To the surprise of no one who read the comments to my earlier post, it is now official that Nortel was the purchaser of Identity Engines’ IP assets. They updated the IDE homepage with a short message and contact info for more information. Given that they are inviting IDE customers to contact Nortel’s account teams, I’m hopeful that they’ll be providing some ongoing support options to existing IDE customers. Have any IDE customers contacted Nortel yet? What was the result?
Archive for the ‘802.1X’ Category
Just a quick 802.1X update that some folks may have missed. There is a new IOS release for the 6500: 12.2.33 SXI (gotta love our naming scheme). It provides some very nice improvements for wired 802.1X rollouts. Network World wrote up the basics and even provides some config examples; take a look. When this hits the other Cisco switch platforms I’ll be sure to provide another update.
Having a Google news alert on “802.1X” sometimes gives you some amusing stories. It seems the Turkish Ministry of Education is rolling out a new secure LAN using 802.1X and VLANs. The article goes on to say, “This deployment is considered to be one of the largest 802.1x application deployments in the Turkish market.” I found this interesting because 802.1X was such a focus of what they discussed. Like I’m seeing in North America, the government demands for secure audit and segmentation appear to be consistent in at least this portion of Southeastern Europe. Based on the discussions I’ve already had in Asia and the UK, 802.1X may be serving a global need.
Technorati Tags: 802.1X
A new research brief from Lawrence Orans and John Pescatore at Gartner claims 802.1X adoption is increasing:
A recent Gartner survey indicates that 50% of enterprises plan to implement 802.1X in their wired networks by 2011. Gartner believes that momentum will increase strongly, and that actual enterprise adoption will reach 70% by 2011.
I don’t have permission to share the document but if you are a Gartner client, be sure to check it out. My company is seeing a similar rise in interest as regular readers of this blog already know. The ANA framework represents a good starting point for organizations trying to plan a deployment.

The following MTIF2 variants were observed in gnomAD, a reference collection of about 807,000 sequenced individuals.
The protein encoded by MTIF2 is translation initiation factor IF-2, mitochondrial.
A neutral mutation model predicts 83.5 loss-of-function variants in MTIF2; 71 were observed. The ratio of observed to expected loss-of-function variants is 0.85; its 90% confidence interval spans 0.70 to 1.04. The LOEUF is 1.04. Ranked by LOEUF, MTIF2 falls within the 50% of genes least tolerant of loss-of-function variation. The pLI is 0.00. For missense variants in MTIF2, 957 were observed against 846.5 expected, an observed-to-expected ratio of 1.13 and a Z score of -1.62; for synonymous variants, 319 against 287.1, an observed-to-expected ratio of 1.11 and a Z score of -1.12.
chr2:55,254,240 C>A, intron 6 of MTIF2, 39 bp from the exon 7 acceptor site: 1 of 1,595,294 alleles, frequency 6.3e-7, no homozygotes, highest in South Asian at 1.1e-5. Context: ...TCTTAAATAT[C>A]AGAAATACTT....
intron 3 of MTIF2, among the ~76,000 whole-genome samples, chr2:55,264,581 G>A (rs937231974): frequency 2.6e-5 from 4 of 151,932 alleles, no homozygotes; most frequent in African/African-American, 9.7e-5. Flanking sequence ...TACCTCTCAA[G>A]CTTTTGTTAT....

Technorati Tags: 802.1X
I’m thrilled to announce that my company just launched the Authenticated Network Architecture (ANA). ANA is a vendor-neutral framework that leverages industry standards for the design of an identity-centric security system. ANA was conceived as the next logical step from my earlier work with the Cisco SAFE Blueprint and builds on my textbook “Network Security Architectures“. The ANA white paper goes into significant detail and breaks out deployment in five phases, each of which is incrementally beneficial and none of which requires a forklift upgrade (or any particular network vendor’s gear). I recommend you check out the overview first but feel free to download the complete white paper.
As anyone who’s familiar with my approach to white papers will know, the document does not pitch my company’s products at all, in fact they are not even mentioned. Also, one of the nice things about working at a small company is I can revise the document and publish an update fairly easily. I’d love feedback from the community on information you’d like to see added, any errors you found, or just general comments. Here’s the executive summary:
Network security has been evolving since its inception, sometimes slowly, sometimes in larger increments. As technology has shifted, best practices have slowly matured. What was a good idea two years ago is still likely a good idea today, with minor variations based on the evolving threats and business requirements. However, we are currently at an inï¬‚ection point in the use of network-based security controls. Whereas previous designs focused almost exclusively on static policies, ï¬lter rules, and enforcement controls, a newer approach has emerged that promises much more dynamic options to address the increased mobility and diversity of todayâ€™s network users.